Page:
With Tiffany working full-time I decided to move her desk upstairs and transform that space into a reading nook. Surfing the web for reading related art projects, I found this amazing piece by Ekaterina Panikanova.
I can’t draw or paint nearly at the level I would want for this project, so I needed a printable workaround. I also did not want to have to deal with the weight of real books hanging on the wall. With those things in mind I did the following:
I went to a couple campus libraries and perused the shelves for what I considered interesting books to function as the background to the picture. Had I not rushed from idea to creation, I might have given more thought and care to the book selection, but I wanted to make it sooner than later.
I used a flatbed scanner at my university on a higher quality, color setting. You don’t want to use black & white, as much of the real book detail/texture is lost. I scanned quite a few more than actually got used. Again I might have better selected out of my scans but I was antsy to make it. (I am also a PhD student)
I suppose the image could have been of anything, but I liked the idea of the picture in the reading nook being of them reading. I got the younger girls out of their skeleton costumes, tied Aly’s hair back, and posed them with books they actually like to read. They were actually really great about the photo shoot. I took several different poses but felt like the final selection fit the shape of the space the best.
You can view the video for more explanation of the digital processing after the scans and focal picture are completed. I apologize that its quality is terrible; my computer was not interested in cooperating. (you could probably watch in 1.5x or 2x speed)
Since I’m a really high-end graphic designer/photographer (/sarcasm), I did all my editing in PowerPoint. I removed the background, adjusting as needed. Then I went with a sepia color system (for the background books as well), increasing the brightness quite a bit on the photo. Of course, you are welcome to adjust the colors to your tastes as well.
I then imported scans pages, resizing and laying them over the picture. I wanted a more gestalt feel to mine (more empty spaces) compared to Ekaterina’s (though I wanted the kids’ faces to be mostly clear). The sizing of the page scans is an important part. I needed my horizontal distance to total very close to 50 inches. I also wanted each of my scans to print on an 8.5 x 11 sheet of paper. This constrained the layout of the books. One could make bigger books but this would complicate the resize.
Once the books were appropriately sized, I brought the focal picture in front of the books and gave it a 50% transparency. I then calculated the scaling factor from the largest book page to the printable size to prepare print-ready pages. [This section is clearer while viewing the video, I think]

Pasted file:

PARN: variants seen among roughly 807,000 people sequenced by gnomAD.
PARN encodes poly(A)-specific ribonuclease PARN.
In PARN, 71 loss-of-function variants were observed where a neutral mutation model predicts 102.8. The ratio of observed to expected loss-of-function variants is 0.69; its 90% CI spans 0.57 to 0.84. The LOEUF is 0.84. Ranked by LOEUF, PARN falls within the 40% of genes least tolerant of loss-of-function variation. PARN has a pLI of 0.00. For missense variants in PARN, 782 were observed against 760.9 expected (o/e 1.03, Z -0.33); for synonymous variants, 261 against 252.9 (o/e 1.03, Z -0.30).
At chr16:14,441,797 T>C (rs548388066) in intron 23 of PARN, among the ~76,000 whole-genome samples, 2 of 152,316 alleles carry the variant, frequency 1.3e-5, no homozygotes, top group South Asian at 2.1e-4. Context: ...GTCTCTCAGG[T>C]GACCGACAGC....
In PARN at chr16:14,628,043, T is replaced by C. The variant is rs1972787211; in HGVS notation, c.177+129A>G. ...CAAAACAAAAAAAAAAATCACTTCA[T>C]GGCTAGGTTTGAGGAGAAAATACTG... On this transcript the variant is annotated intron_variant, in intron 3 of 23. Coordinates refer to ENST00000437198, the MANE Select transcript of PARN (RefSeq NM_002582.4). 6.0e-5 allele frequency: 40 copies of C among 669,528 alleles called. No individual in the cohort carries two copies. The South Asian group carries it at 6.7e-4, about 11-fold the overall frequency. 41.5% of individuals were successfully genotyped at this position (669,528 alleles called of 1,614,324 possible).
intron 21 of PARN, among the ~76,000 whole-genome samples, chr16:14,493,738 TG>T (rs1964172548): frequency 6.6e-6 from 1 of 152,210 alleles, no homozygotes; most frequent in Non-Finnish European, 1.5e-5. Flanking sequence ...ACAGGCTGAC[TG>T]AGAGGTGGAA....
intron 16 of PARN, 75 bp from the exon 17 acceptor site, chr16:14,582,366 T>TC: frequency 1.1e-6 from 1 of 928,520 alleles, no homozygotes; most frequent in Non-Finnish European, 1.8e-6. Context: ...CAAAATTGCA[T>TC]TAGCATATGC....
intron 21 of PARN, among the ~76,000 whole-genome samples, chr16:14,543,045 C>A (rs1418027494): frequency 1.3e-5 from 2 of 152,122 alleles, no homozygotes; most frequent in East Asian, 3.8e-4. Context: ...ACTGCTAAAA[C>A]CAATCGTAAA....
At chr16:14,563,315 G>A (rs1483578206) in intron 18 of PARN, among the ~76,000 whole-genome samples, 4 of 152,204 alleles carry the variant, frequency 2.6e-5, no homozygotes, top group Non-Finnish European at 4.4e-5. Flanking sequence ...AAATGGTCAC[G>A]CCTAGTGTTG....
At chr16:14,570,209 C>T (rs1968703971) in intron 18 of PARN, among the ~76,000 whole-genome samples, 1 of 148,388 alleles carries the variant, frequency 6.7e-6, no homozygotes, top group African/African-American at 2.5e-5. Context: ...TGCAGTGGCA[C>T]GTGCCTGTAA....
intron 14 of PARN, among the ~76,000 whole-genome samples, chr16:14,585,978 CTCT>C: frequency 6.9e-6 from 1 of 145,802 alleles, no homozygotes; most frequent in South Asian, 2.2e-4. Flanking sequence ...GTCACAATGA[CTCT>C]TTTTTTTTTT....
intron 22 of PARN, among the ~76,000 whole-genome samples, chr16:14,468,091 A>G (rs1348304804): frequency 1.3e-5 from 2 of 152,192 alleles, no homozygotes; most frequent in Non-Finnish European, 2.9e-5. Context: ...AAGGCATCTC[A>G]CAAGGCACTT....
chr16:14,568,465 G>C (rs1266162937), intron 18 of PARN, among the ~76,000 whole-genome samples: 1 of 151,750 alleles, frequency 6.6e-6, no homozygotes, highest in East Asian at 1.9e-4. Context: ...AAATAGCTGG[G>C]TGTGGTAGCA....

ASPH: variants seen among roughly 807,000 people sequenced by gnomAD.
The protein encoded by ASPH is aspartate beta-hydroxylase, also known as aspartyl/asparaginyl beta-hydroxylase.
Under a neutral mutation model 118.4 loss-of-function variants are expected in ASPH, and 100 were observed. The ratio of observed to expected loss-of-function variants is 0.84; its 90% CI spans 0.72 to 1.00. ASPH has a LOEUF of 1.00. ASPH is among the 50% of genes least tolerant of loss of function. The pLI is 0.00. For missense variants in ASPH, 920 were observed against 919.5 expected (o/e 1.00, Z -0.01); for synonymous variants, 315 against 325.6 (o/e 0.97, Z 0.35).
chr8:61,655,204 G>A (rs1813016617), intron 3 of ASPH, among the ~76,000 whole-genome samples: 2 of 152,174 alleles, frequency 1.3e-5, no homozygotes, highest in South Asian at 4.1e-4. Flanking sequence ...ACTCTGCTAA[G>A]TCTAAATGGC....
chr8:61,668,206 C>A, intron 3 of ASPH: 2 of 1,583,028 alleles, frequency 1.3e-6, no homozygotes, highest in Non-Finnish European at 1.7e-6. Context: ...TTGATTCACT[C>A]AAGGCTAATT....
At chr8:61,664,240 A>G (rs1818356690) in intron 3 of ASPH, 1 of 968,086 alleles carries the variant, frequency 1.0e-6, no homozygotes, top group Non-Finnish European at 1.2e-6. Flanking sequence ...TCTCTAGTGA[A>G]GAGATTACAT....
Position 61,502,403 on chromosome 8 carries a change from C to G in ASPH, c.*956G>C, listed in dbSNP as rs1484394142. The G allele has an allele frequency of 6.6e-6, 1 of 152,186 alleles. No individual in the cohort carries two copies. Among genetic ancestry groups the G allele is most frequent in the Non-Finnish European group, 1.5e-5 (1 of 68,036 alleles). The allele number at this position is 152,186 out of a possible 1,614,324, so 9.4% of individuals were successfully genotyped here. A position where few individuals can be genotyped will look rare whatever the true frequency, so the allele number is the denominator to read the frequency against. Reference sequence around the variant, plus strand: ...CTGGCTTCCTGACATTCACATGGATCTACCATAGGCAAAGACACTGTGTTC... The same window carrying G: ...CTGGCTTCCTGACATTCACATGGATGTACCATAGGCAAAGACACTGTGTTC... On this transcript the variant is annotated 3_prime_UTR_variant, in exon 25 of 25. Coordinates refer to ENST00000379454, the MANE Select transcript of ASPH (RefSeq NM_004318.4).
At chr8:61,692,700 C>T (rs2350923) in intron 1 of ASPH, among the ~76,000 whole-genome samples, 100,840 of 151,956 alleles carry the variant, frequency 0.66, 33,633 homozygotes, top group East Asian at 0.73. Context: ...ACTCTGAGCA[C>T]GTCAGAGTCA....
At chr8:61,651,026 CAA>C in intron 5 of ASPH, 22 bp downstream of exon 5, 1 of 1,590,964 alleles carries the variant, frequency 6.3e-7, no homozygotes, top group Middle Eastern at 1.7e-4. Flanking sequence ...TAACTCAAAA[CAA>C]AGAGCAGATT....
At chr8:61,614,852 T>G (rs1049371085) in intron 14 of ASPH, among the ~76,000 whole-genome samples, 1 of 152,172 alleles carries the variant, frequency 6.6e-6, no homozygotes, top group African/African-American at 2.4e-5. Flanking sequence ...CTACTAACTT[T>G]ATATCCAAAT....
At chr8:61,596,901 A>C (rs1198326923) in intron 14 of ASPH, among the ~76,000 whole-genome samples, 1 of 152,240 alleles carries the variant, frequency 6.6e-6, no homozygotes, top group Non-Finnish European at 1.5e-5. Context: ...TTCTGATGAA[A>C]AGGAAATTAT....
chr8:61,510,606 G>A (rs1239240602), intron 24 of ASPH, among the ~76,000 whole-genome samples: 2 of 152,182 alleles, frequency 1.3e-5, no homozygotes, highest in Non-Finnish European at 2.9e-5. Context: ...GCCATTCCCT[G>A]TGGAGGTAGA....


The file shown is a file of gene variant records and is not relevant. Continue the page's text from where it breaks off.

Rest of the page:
To make print-ready pages, I duplicated the slide and removed all but one of the book pages. I then cropped the focal image to the edges of the remaining book. I then grouped the images and resized, using the factor I had previously calculated. I then repeated that process for the remaining 11 books.
I printed in color, using a decent but not fantastic printer at the university (certainly not photo quality). I had to export as a pdf, if I remember correctly, so that the transparency would be recognized and print properly. So, before printing, make sure your prints are rendering the transparency (if you want it; I personally prefer it).
For the book’s cover, I laid each print on some roughly 1/8 inch corrugated cardboard and cut around, leaving a hardback book-sized margin.
To give the piece a more authentic feel I added additional pages behind the prints. This helped bulk out the ‘book’ and give it some curvature. I did this by laying the prints on a phonebook and cutting around them several layers deep with a utility knife. I then gave them all a soft fold together (the scans I had gave the illusion of a fold some already).
With all the pages stacked together I ran a short bead of hot glue along the edge and then flattened the glue into the pages, so they would stick together without the glue showing. I just repeated this as much as needed to get all the pieces to stick together. I then glued it to the cardboard, trying to flex the pages a bit to give it a more book-like shape.
Lastly, I laid them out, and then starting at one side, leveling, I nailed each into position, minding the alignment of the images and the needed gaps.